CIA’s Problems

It has now emerged that the suicide bomber who blew up the CIA base in Khost, eastern Afghanistan, last week was Humam Khalil Abu-Mulal al-Balawi, a 36-year-old Jordanian doctor. The BBC says he was arrested by Jordanian intelligence a year ago and was said to have been ‘recruited’ by the Jordanians and the CIA, who thought they had successfully turned him to act as their agent. The Taliban had earlier claimed that the suicide bomber was one of their own.

Two former US government officials were quoted as saying that al-Balawi lured the CIA officers into a meeting with a promise of new information on al Qaeda’s top leadership. The bomber’s specific mission was said to be tracking Osama bin Laden’s deputy, Ayman al-Zawahiri. Seven CIA agents and a Jordanian intelligence officer were killed in the attack, making it the worst against American intelligence officials since the US embassy in Beirut was bombed in 1983.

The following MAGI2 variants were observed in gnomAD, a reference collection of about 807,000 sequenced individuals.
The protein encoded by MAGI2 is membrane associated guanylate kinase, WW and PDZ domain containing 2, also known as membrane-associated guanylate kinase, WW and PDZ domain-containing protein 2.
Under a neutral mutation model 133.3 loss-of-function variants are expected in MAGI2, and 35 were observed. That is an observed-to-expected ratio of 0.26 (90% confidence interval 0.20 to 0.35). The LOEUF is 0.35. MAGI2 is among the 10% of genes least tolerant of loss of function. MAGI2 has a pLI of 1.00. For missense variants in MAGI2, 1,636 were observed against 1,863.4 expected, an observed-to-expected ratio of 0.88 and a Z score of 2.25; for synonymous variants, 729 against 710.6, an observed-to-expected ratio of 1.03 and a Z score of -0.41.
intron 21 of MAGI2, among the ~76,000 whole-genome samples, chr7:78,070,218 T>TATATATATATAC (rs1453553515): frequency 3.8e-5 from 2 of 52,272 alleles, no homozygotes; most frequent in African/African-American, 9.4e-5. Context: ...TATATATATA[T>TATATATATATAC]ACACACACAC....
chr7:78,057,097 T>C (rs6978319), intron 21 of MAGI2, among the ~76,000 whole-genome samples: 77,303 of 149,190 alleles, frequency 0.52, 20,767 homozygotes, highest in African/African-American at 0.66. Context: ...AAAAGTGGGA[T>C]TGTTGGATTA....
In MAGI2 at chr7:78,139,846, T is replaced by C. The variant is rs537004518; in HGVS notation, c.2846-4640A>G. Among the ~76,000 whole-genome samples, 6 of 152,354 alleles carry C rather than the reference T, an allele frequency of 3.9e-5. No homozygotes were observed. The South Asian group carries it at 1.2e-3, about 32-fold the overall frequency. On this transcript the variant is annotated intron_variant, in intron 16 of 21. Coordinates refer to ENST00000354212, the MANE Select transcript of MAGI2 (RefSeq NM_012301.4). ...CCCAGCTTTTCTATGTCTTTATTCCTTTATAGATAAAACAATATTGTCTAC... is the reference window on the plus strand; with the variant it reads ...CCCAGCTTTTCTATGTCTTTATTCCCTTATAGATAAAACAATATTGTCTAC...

The CIA base in Khost came with an airfield, reportedly used for drone attacks inside Pakistan.

Khost is the traditional stronghold of Jalaluddin Haqqani, one of America’s favorite mujahideen commanders during the Soviet occupation of Afghanistan in the 1980s. After the Soviet military withdrawal, Haqqani’s forces besieged Khost for months. The town’s fall in spring 1991 triggered a domino effect that finally brought down Afghanistan’s last Communist leader, Najibullah.

After the collapse of the Communist regime, Haqqani was named justice minister in the first mujahideen government formed in 1992. But he switched to the Taliban just before they seized the capital in September 1996. He helped the Taliban secure control of Nangarhar Province in the same year. At the time, Bin Laden was living as a guest and friend of Haqqani, who apparently was in possession of at least 70 American Stinger missiles. Jalaluddin Haqqani, and his son Sirajuddin, were believed to have fled to the Waziristan tribal area inside Pakistan following the overthrow of the Taliban regime in Kabul in late 2001.